Sport is a language understood the world over, and soccer is no exception.
Soccer has a strong following in Seattle, but what many don't realize is that Seattle also boasts a thriving international soccer community. Local international teams include Ethiopia, Somalia and Vietnam among others, and they annually travel to play similar teams across the country.
As any World Cup soccer aficionado will tell you, it doesn't matter what time the game is broadcast or from where. The sacrifice is worth it just to witness the action.
Now, for all those diehard fans who go into withdrawal when the World Cup tournament ends, it is time to pop the cork and celebrate the first World Cup Seattle (WCS) soccer tournament.
The event will take place Saturday, Aug. 23, and Sunday, Aug. 24 on the Ingraham High School playing field, 1819 N. 135th St.
WCS is the brainchild of Jessica Breznau, founder of Sister Communities (SC), a nonprofit organization based in Southeast Seattle. While the SC mission is simple - working to foster supportive relationships between communities - the story of WCS and SC is a testimony to the power of one person driven by an idea and the desire to make the world a better place.
Breznau knows soccer. After all, she's been playing the sport since she was 8 years old. In addition to participating in local co-recreational leagues, Breznau continues to hone her skills by working as a local referee and playing in neighborhood games.
A winter 2003 trip to Zapote, a remote village in Honduras, deepened her perspective on life. In Zapote, Breznau discovered that women were still grinding corn by hand. Poverty was rampant.
So, Breznau, along with others, bought a small, electric mill, had it trucked to the village and formed a women's cooperative with the goal to help create a pathway out of poverty
But three months later, back in Seattle, Breznau brooded. "How can humans connect as humans, not just across borders, but also by culture, sex, religion?" she asked herself. "How can we as a global community learn from each other and find solutions that work for all?"
In the middle of a pick-up game of soccer with international players in her community, Breznau found the answer: soccer. And from this, Sister Communities and World Cup Seattle was born.
According to Breznau, the goal of SC is to develop cross-cultural connections inside Seattle and between Seattle and communities around the world.
"World Cup Seattle is one way to bring out the best in others while giving local teams a chance to shine," she said.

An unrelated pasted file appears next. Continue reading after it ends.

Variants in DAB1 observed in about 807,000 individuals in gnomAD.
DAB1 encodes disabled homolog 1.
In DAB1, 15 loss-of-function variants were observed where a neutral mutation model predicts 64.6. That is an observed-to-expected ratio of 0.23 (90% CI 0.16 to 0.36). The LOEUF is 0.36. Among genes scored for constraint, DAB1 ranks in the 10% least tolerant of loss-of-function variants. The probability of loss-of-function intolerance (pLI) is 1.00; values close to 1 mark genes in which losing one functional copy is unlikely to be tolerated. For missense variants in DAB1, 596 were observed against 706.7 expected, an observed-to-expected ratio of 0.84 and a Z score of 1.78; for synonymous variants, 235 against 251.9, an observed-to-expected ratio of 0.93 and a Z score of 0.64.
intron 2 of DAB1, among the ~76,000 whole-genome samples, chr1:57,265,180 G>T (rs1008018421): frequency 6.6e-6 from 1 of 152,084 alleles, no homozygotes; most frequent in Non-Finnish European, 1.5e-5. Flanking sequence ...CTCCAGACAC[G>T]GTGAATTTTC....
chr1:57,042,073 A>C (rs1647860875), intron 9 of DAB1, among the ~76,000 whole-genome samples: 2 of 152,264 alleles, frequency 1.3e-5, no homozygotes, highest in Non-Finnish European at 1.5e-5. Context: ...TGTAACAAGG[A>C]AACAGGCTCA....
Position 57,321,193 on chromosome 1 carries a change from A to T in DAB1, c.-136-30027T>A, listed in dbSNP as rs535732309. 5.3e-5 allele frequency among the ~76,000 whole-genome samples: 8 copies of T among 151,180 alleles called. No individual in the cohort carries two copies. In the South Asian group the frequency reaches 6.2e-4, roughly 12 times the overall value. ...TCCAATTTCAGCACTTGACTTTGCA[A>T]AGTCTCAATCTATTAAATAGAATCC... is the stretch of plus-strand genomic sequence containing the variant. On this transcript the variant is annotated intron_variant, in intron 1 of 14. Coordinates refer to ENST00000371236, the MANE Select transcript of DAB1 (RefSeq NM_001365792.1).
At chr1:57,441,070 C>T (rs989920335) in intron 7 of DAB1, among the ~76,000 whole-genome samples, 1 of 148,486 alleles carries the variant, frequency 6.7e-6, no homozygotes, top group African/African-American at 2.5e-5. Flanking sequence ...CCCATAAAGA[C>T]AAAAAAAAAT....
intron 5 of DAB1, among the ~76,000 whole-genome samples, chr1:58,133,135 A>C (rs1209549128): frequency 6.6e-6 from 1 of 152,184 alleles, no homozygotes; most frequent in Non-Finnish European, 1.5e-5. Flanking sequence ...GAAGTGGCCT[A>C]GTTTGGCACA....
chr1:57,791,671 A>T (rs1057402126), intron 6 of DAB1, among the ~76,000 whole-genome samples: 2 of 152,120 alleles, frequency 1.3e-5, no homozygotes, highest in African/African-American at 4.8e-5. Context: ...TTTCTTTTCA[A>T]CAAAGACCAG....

David Otebele, referee coordi- nator, originally from Nigeria, West Africa, believes WCS is an excellent idea.
"It's a great opportunity for the community to see skilled players from all over the world that reside in Seattle," he said. "Seattle is a great soccer town, and we want WCS to be an annual tradition."
Dave Augustavo became involved as a referee at the invitation of Otebele. "It's always a privilege to referee, to be a part of such a great game." he said. "I like helping out wherever I can, since so many people have helped me along the way.
For referees George Ojeda and Alberto Ramos Soriano, originally from Mexico, and Ever Duarte, originally from Guatemala, this event brings soccer to a higher level than has ever been seen locally before.
"It will be special. We will have representatives from each country, the whole world, and everyone will be putting everything they have into it," Soriano said.
Duarte echoed his sentiments, adding, "It will be amazing, the level of soccer that we'll see. Everyone will do their best so, as referees, we will do our best as well."
Twelve local teams will participate in World Cup Seattle: Brazil, China, Denmark, Ethiopia, Honduras, Japan, Mexico, Romania, Somalia, Tanzania, the United States and Vietnam.
While the goal is to build cross-cultural understanding, Breznau also hopes WCS and SC will build intra-cultural understanding within each team's community.
She explained, "Denmark has a team called The Danes. Many of these folks are already well-assimilated into the community. They don't necessarily see themselves as Danish and may not be as tight with other members of their group, unlike teams from Somalia, Ethiopia and Vietnam, for example. These people are still relatively new immigrants; many are very new. They identify with each other as immigrants. They have the bond of being strangers in a strange land, so maybe they're closer to each other. Our goal is to have each one make connections, instead of having divisions within groups."
Each team will march onto the field with their country's flag to open World Cup Seattle on Saturday, Aug. 23, at 9:15 a.m.
Spiritual leaders from each country also will give a blessing.
On Sunday, Aug. 24, a youth clinic will take place and an international array of food served.
For more information on World Cup Seattle or Sister Communities, go to www.worldcupseatttle.org, or call 760-3794.